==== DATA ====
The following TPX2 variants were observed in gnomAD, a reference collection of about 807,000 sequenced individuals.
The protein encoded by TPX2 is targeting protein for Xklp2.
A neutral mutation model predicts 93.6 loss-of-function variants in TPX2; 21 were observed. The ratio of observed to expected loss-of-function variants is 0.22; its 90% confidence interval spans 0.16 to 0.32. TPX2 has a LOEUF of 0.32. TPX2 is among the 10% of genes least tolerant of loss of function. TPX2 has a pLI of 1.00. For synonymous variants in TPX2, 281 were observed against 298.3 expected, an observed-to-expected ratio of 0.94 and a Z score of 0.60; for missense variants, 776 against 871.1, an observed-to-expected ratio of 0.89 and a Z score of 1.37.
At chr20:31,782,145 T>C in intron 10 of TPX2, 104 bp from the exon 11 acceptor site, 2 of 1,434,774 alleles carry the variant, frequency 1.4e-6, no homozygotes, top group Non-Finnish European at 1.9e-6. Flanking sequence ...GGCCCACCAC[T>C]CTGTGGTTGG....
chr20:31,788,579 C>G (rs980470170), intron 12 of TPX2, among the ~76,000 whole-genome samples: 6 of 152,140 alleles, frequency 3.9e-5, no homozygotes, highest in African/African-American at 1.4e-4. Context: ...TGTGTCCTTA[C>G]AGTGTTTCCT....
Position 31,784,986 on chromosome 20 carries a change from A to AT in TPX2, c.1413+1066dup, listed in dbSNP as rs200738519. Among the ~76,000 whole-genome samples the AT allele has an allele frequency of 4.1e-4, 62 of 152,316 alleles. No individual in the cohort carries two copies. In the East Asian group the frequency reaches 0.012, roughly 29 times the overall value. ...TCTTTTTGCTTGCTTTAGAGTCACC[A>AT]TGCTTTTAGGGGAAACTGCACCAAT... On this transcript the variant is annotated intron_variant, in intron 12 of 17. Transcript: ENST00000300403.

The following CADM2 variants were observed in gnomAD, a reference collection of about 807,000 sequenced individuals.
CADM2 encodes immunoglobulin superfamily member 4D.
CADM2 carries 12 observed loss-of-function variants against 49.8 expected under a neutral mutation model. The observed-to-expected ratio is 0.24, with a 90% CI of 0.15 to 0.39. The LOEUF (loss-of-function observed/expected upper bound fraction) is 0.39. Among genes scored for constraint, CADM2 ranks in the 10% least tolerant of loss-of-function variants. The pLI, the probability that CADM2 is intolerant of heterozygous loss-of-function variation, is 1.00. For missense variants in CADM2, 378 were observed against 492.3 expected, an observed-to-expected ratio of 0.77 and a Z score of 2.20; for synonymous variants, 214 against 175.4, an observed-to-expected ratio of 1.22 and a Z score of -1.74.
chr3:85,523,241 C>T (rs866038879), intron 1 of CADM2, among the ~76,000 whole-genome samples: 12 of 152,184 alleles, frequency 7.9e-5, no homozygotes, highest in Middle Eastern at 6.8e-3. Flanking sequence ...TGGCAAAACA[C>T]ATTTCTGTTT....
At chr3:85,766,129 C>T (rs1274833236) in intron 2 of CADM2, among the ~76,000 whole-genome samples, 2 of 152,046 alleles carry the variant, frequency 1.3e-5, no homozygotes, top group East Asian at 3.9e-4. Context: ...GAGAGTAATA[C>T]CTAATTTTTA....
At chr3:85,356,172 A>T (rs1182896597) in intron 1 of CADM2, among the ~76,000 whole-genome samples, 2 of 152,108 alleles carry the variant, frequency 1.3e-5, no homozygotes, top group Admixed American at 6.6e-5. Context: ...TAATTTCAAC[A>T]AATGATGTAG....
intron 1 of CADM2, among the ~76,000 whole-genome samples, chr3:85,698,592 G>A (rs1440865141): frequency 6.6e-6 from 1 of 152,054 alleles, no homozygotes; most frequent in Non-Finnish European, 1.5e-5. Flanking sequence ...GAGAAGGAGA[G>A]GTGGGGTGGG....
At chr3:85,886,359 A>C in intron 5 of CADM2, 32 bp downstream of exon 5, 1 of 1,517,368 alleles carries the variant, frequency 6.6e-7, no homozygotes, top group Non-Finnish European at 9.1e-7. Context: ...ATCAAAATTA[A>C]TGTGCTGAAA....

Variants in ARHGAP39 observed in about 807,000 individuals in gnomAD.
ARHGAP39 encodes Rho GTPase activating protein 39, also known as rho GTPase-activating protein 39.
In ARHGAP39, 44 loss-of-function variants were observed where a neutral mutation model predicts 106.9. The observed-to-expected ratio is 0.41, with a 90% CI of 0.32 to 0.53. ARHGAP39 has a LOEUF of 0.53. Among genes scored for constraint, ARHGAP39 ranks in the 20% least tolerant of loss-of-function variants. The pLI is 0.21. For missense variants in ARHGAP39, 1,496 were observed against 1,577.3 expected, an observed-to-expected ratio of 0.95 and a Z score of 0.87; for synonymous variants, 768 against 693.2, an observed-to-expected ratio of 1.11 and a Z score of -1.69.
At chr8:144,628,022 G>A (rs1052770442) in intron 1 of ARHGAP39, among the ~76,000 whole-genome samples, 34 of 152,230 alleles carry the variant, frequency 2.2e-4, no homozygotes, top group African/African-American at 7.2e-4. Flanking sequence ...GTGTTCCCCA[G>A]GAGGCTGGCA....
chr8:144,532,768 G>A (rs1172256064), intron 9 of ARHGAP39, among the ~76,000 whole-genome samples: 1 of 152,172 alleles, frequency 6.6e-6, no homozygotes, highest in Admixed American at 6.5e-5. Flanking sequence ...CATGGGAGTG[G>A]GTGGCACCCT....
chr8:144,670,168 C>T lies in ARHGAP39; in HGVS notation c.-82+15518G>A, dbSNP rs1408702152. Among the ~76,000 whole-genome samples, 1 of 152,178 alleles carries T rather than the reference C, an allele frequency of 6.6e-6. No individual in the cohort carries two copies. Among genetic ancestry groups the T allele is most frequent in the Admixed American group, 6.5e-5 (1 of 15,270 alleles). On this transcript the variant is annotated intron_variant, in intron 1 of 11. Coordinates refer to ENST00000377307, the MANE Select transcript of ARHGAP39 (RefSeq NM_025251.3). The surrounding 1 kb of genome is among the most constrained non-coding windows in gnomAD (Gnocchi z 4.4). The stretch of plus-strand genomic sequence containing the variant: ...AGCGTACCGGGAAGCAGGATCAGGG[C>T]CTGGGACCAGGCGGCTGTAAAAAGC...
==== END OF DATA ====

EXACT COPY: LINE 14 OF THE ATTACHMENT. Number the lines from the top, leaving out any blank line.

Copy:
At chr3:85,886,359 A>C in intron 5 of CADM2, 32 bp downstream of exon 5, 1 of 1,517,368 alleles carries the variant, frequency 6.6e-7, no homozygotes, top group Non-Finnish European at 9.1e-7. Context: ...ATCAAAATTA[A>C]TGTGCTGAAA....